“Canadian cuisine is defined as local, seasonal, sustainable ingredients, in the hands of many cultures.” (said by Eric pateman, owner of Edible Canada Bistro). Although this quote perfectly describes Canada’s food culture, it leaves out the diverse religion, climate/geography, and family life/structure.
Canada is the second largest country in the world and is the northernmost country in North America. It is surrounded by three major bodies of water; Pacific, Atlantic, and Arctic ocean. If someone were to travel across the country they would experience a variety of beautiful landscapes such as mountains, valleys, and lush forests. Canada is a country with many different climate zones and has a big range of temperature throughout the year. In the summer the highest temperature is around 35 degrees celsius and the coldest temperature in the winter can be around 25 degrees celsius. Wherever you go in Canada the climate will be different, for example in the Northern provinces it is always colder than the rest of Canada.
With an estimated population of 36,000,000 people, Canada has a very balanced economy. We thrive in a capitalist economy, with no government intervention and free markets. Canada largely depends on the big oil and natural gas sector to keep a stable economy for our growing country. The GDP per capita is $46,600 and Canada has 35th highest in the world’s GDP rates. Our GDP by industry has our top supplier as real estate selling, renting, managing and leasing with 13%, because of the growing emand. According to the World Factbook, 9.4% of Canadians live in poverty, meaning they earn enough to have the life necessities. Canada’s place as a developed country is supported by the fact that they have a stable economy.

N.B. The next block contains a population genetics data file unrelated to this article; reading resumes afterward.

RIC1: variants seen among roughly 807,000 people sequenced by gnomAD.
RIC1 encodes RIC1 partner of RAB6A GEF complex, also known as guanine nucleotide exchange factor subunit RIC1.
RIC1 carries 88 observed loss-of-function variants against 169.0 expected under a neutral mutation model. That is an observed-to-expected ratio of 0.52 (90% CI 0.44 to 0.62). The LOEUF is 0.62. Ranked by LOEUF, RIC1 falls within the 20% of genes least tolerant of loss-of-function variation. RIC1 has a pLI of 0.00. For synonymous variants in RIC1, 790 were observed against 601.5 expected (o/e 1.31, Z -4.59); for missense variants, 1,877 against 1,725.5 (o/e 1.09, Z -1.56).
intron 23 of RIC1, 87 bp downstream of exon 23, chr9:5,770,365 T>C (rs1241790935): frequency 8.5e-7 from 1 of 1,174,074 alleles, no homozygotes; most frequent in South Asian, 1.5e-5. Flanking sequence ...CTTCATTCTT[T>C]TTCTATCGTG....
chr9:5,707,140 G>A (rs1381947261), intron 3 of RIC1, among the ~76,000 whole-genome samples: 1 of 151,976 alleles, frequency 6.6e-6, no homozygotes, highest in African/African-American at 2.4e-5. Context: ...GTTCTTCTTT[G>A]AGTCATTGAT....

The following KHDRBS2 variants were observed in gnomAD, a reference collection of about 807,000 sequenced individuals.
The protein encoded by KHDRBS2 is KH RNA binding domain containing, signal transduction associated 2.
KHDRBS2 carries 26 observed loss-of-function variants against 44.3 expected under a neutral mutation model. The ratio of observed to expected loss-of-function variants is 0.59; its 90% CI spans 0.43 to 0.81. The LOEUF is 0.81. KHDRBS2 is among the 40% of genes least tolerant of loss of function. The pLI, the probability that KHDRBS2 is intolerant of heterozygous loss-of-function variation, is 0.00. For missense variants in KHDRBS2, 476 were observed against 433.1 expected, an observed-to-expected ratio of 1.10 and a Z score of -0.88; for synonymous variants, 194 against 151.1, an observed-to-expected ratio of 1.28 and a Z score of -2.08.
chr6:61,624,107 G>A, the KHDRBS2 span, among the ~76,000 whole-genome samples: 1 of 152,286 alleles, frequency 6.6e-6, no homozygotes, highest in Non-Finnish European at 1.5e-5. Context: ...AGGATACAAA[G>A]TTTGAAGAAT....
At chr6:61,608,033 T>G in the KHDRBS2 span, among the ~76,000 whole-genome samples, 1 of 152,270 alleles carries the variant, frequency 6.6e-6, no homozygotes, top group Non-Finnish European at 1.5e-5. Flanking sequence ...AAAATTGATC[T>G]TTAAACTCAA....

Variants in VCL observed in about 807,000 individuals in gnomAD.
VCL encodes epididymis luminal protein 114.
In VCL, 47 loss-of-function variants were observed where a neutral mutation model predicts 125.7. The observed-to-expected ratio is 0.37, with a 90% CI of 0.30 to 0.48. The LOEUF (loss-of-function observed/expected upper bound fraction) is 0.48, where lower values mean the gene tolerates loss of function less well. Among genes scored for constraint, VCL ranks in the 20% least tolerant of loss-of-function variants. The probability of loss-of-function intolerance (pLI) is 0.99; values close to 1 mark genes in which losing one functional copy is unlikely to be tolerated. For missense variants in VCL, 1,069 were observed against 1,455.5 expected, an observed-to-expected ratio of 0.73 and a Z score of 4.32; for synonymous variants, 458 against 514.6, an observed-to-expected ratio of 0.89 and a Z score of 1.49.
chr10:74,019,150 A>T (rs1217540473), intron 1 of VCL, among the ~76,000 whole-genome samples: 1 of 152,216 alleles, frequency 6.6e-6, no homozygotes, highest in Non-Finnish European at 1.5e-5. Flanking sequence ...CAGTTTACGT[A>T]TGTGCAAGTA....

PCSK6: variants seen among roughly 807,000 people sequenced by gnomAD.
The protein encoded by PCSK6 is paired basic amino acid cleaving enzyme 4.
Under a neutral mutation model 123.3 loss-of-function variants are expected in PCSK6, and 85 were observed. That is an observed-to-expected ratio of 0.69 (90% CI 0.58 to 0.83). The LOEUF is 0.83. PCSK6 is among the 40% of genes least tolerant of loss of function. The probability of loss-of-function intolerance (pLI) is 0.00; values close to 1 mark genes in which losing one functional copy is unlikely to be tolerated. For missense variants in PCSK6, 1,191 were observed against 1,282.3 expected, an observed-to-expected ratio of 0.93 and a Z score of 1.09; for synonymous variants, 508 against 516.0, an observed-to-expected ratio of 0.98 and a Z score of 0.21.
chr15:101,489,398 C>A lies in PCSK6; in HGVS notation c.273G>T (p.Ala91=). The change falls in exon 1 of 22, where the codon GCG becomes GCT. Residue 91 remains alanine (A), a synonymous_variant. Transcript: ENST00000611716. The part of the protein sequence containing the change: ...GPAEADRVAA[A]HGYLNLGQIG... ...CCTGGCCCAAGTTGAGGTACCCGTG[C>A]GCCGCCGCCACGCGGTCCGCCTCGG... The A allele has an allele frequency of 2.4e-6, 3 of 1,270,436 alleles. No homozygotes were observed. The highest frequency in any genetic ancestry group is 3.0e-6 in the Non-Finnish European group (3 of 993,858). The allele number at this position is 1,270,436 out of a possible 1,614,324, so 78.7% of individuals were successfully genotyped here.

Canada is known to be a very multicultural and accepting country. This country had grown more diverse with the new acceptance of immigrants from all around the globe. For quite some time Christianity has dominated religion in Canada, with 39% Catholic and 20.3% Protestant. That includes United church, Anglican, Baptist, Lutheran, Pentecostal, Presbyterian, other Protestant, and Roman Catholic. That being said 23.9% Canadians claimed to have no religion. With the increase of immigration, Canada has seen a raise in religion regarding Buddhism, Sikhism, and Hinduism. Although in Canada there are primarily Catholic and Public schools, most school boards offer language courses in or out of school. The country has a variety of churches, mosques, temple, cathedrals, etc. to allow people of all religion to study their beliefs.